For traditional applications, LEDs are commonly driven in continuous-wave 100 percent duty cycle mode. For high-brightness applications, however, this is not as desirable. Because the average temperature of the p-n junction determines both the light output and the lifetime of an LED, a smaller duty cycle is more efficient. The devices potentially can be driven to higher current loads to increase the overall light output while maintaining a lower average temperature of the p-n junction; however, the driver circuitry must generate fast-switching waveforms, switching large currents in as little time as a few microseconds. This presents challenges in the design of the LED power driver, although solutions that easily meet these requirements have been developed.
Another challenge that results from higher thermal loading is that of color shift. As the p-n junction changes temperature, the light’s output wavelength can shift by as much as 10 nm or more. This not only affects the color point but also varies the overall white point for the system (because each of the colors ultimately is mixed to create white).
To stabilize this color shift, LEDs must be run at very low power or must maintain extreme thermal stability. However, by implementing some type of system feedback and proper power control algorithms, the stability of each color can be preserved while maintaining high brightness efficiency.
Texas Instruments has developed a DLP HDTV design that uses LED illumination. Products based on the design are in their second generation with several models available by Samsung of Seoul, South Korea. An example of an LED light engine is shown in Figure 4.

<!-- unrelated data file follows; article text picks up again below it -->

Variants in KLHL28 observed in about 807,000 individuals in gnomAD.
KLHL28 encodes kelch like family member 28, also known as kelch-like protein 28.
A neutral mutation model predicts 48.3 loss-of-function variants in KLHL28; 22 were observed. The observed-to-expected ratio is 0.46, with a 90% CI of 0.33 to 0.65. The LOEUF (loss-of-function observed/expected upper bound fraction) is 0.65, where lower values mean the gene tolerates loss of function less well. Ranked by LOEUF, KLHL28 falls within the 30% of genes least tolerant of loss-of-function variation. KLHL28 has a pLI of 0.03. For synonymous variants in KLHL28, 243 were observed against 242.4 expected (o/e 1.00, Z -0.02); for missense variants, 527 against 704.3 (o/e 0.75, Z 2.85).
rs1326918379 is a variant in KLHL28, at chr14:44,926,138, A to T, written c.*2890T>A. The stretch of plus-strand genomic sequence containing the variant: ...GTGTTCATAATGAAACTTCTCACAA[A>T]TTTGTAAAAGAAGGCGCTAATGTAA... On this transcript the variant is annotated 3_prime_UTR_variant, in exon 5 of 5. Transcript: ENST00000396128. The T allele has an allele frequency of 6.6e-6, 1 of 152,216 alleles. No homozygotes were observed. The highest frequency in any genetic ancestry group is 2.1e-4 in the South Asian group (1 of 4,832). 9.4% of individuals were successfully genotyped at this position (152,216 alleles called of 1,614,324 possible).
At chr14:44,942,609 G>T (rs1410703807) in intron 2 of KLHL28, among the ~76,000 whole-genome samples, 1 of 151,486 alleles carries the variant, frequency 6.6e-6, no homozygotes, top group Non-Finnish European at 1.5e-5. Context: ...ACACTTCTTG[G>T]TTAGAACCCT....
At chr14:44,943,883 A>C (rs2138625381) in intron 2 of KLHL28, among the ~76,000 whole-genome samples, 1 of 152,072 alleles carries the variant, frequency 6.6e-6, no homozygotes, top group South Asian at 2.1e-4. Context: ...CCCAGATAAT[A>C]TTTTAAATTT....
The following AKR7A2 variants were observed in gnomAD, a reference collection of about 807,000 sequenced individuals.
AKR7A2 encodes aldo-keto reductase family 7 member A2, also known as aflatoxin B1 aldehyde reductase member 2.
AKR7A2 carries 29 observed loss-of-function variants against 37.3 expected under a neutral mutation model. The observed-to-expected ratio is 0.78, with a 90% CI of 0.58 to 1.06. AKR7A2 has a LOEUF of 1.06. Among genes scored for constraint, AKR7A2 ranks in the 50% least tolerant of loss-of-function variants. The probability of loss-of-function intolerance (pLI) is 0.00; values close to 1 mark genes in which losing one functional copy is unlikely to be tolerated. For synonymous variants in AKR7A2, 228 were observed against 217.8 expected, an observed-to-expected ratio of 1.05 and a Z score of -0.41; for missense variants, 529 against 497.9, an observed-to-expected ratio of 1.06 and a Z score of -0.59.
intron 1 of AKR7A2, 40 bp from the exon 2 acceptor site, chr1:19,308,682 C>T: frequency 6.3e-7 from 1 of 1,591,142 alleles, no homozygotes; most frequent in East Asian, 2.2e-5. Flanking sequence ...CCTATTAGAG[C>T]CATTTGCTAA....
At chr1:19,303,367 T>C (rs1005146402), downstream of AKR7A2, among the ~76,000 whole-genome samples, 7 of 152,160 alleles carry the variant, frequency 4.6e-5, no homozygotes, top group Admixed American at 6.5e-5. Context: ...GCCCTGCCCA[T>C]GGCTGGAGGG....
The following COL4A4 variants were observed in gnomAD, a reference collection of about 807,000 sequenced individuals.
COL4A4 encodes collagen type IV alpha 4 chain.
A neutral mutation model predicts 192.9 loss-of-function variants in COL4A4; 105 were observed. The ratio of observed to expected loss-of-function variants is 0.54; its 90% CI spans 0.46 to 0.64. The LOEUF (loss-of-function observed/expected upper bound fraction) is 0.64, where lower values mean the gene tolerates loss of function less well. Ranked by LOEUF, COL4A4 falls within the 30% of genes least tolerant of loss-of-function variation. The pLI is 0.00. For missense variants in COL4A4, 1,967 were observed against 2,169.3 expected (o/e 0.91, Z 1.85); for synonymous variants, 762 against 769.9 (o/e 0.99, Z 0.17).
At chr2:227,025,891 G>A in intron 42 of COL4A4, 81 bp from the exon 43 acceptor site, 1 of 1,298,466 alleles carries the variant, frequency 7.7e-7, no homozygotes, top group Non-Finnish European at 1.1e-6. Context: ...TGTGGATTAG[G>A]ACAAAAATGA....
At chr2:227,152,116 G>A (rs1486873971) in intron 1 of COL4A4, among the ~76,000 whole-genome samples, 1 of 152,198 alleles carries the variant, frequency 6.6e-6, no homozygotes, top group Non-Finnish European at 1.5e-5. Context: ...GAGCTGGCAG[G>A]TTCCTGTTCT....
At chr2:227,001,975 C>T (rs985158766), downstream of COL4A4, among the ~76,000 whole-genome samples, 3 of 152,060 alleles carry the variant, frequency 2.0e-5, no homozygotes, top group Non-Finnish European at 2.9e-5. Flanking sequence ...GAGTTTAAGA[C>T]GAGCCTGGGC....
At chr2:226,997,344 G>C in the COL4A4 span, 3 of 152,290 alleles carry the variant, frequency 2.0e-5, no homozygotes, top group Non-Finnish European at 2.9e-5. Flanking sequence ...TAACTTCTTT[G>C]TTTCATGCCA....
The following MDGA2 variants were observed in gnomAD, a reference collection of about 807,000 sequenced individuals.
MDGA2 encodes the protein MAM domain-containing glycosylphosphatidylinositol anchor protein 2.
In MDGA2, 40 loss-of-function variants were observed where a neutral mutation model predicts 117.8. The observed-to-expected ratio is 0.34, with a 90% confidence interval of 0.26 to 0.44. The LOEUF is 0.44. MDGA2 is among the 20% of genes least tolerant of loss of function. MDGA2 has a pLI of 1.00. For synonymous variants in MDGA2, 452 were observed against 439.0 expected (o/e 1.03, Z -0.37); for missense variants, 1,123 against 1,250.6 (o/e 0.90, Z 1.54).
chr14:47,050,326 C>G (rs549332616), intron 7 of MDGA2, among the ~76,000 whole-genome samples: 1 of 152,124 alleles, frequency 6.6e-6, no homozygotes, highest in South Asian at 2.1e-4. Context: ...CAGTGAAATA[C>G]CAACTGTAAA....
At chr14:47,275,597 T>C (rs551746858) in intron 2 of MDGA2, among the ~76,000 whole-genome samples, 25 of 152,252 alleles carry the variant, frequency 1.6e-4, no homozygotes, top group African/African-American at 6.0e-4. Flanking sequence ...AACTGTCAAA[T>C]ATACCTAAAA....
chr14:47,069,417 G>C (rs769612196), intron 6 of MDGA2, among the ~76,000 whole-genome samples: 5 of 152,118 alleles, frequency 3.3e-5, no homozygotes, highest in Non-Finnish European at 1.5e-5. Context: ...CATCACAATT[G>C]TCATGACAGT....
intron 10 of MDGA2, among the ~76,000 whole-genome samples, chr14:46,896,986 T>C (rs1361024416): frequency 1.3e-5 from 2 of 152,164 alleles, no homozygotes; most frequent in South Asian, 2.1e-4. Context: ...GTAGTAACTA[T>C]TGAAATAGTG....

Figure 4. In the basic optical configuration of a DLP HDTV LED light engine, the light is collected from each of the diodes through the use of collimating lenses. Dichroic filters are used to combine each of the colors into a single stream of light, which is coupled into an optical integrator with a condenser lens. The optical integrator “randomizes” the light to create a uniform beam at its output (similar to a kaleidoscope). The output of the optical integrator is imaged onto the digital micromirror device using appropriate lenses and a prism. The light is reflected off the mirrors of the digital micromirror device and passed to the projection lens, which sends the light out to a screen, magnifying it by as much as 100×.
The technology is based on a digital micromirror device that contains a rectangular array of up to 2 million hinge-mounted microscopic mirrors, each of which measures less than one-fifth the width of a human hair. When combined with a digital image signal, light source and projection lens, a digital micromirror device and its mirrors can reflect the image onto a screen or other surface.